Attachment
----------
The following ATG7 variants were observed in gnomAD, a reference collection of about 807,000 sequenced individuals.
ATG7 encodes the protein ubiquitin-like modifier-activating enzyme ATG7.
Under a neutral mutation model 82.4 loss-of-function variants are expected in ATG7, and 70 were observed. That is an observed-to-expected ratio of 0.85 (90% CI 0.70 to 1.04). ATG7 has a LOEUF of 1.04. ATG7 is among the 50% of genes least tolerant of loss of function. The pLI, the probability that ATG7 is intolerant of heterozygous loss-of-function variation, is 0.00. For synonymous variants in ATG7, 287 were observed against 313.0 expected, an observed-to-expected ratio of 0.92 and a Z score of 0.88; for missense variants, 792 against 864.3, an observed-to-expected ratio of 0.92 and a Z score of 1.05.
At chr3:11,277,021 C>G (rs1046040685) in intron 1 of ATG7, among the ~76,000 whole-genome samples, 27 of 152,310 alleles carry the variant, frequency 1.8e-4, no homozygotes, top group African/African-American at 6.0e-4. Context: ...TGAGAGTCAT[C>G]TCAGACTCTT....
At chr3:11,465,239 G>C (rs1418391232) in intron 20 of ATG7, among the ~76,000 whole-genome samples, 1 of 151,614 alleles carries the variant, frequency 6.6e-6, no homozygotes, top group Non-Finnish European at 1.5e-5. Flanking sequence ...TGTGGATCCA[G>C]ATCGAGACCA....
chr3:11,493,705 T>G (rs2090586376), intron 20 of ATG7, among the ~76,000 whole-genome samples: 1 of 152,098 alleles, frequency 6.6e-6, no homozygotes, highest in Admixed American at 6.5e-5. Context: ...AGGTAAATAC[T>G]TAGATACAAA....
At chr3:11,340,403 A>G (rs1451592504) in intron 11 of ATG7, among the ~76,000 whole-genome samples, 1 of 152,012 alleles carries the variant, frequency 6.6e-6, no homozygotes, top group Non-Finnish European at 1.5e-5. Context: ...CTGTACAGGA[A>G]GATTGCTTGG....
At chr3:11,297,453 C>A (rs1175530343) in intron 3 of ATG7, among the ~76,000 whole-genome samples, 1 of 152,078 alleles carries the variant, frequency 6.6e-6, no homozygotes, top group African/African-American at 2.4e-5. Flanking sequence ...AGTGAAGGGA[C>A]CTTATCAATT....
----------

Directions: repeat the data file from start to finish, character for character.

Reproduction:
The following ATG7 variants were observed in gnomAD, a reference collection of about 807,000 sequenced individuals.
ATG7 encodes the protein ubiquitin-like modifier-activating enzyme ATG7.
Under a neutral mutation model 82.4 loss-of-function variants are expected in ATG7, and 70 were observed. That is an observed-to-expected ratio of 0.85 (90% CI 0.70 to 1.04). ATG7 has a LOEUF of 1.04. ATG7 is among the 50% of genes least tolerant of loss of function. The pLI, the probability that ATG7 is intolerant of heterozygous loss-of-function variation, is 0.00. For synonymous variants in ATG7, 287 were observed against 313.0 expected, an observed-to-expected ratio of 0.92 and a Z score of 0.88; for missense variants, 792 against 864.3, an observed-to-expected ratio of 0.92 and a Z score of 1.05.
At chr3:11,277,021 C>G (rs1046040685) in intron 1 of ATG7, among the ~76,000 whole-genome samples, 27 of 152,310 alleles carry the variant, frequency 1.8e-4, no homozygotes, top group African/African-American at 6.0e-4. Context: ...TGAGAGTCAT[C>G]TCAGACTCTT....
At chr3:11,465,239 G>C (rs1418391232) in intron 20 of ATG7, among the ~76,000 whole-genome samples, 1 of 151,614 alleles carries the variant, frequency 6.6e-6, no homozygotes, top group Non-Finnish European at 1.5e-5. Flanking sequence ...TGTGGATCCA[G>C]ATCGAGACCA....
chr3:11,493,705 T>G (rs2090586376), intron 20 of ATG7, among the ~76,000 whole-genome samples: 1 of 152,098 alleles, frequency 6.6e-6, no homozygotes, highest in Admixed American at 6.5e-5. Context: ...AGGTAAATAC[T>G]TAGATACAAA....
At chr3:11,340,403 A>G (rs1451592504) in intron 11 of ATG7, among the ~76,000 whole-genome samples, 1 of 152,012 alleles carries the variant, frequency 6.6e-6, no homozygotes, top group Non-Finnish European at 1.5e-5. Context: ...CTGTACAGGA[A>G]GATTGCTTGG....
At chr3:11,297,453 C>A (rs1175530343) in intron 3 of ATG7, among the ~76,000 whole-genome samples, 1 of 152,078 alleles carries the variant, frequency 6.6e-6, no homozygotes, top group African/African-American at 2.4e-5. Flanking sequence ...AGTGAAGGGA[C>A]CTTATCAATT....